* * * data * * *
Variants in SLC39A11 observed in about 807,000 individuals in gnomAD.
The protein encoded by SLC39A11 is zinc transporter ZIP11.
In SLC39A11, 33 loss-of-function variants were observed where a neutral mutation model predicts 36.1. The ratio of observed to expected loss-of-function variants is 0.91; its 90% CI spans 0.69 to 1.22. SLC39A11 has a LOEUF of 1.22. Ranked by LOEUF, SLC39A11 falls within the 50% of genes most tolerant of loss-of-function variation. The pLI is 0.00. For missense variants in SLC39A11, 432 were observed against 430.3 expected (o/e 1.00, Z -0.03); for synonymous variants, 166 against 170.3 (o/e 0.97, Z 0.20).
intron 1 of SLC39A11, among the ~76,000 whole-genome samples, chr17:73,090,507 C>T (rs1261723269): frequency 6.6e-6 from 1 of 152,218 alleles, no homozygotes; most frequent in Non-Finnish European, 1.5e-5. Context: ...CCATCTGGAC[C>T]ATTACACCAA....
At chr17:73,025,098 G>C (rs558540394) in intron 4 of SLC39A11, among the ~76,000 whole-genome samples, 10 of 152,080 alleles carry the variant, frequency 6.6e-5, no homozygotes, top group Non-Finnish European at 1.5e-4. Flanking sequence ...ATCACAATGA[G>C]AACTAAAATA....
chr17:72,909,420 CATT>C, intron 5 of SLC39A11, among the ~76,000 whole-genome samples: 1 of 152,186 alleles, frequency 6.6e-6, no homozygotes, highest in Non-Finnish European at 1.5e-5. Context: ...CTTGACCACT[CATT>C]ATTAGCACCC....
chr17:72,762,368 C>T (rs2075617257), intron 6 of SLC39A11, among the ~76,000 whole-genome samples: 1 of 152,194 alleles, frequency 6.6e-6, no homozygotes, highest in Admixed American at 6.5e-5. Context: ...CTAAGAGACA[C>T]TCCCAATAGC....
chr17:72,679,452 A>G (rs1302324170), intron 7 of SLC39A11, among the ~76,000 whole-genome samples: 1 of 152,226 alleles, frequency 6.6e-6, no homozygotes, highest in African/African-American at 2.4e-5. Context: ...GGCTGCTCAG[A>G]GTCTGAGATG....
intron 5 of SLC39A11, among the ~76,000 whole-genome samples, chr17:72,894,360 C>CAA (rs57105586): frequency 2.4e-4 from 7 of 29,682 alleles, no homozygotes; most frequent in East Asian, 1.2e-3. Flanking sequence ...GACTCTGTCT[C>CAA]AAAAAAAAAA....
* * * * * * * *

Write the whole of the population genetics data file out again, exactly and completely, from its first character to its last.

Variants in SLC39A11 observed in about 807,000 individuals in gnomAD.
The protein encoded by SLC39A11 is zinc transporter ZIP11.
In SLC39A11, 33 loss-of-function variants were observed where a neutral mutation model predicts 36.1. The ratio of observed to expected loss-of-function variants is 0.91; its 90% CI spans 0.69 to 1.22. SLC39A11 has a LOEUF of 1.22. Ranked by LOEUF, SLC39A11 falls within the 50% of genes most tolerant of loss-of-function variation. The pLI is 0.00. For missense variants in SLC39A11, 432 were observed against 430.3 expected (o/e 1.00, Z -0.03); for synonymous variants, 166 against 170.3 (o/e 0.97, Z 0.20).
intron 1 of SLC39A11, among the ~76,000 whole-genome samples, chr17:73,090,507 C>T (rs1261723269): frequency 6.6e-6 from 1 of 152,218 alleles, no homozygotes; most frequent in Non-Finnish European, 1.5e-5. Context: ...CCATCTGGAC[C>T]ATTACACCAA....
At chr17:73,025,098 G>C (rs558540394) in intron 4 of SLC39A11, among the ~76,000 whole-genome samples, 10 of 152,080 alleles carry the variant, frequency 6.6e-5, no homozygotes, top group Non-Finnish European at 1.5e-4. Flanking sequence ...ATCACAATGA[G>C]AACTAAAATA....
chr17:72,909,420 CATT>C, intron 5 of SLC39A11, among the ~76,000 whole-genome samples: 1 of 152,186 alleles, frequency 6.6e-6, no homozygotes, highest in Non-Finnish European at 1.5e-5. Context: ...CTTGACCACT[CATT>C]ATTAGCACCC....
chr17:72,762,368 C>T (rs2075617257), intron 6 of SLC39A11, among the ~76,000 whole-genome samples: 1 of 152,194 alleles, frequency 6.6e-6, no homozygotes, highest in Admixed American at 6.5e-5. Context: ...CTAAGAGACA[C>T]TCCCAATAGC....
chr17:72,679,452 A>G (rs1302324170), intron 7 of SLC39A11, among the ~76,000 whole-genome samples: 1 of 152,226 alleles, frequency 6.6e-6, no homozygotes, highest in African/African-American at 2.4e-5. Context: ...GGCTGCTCAG[A>G]GTCTGAGATG....
intron 5 of SLC39A11, among the ~76,000 whole-genome samples, chr17:72,894,360 C>CAA (rs57105586): frequency 2.4e-4 from 7 of 29,682 alleles, no homozygotes; most frequent in East Asian, 1.2e-3. Flanking sequence ...GACTCTGTCT[C>CAA]AAAAAAAAAA....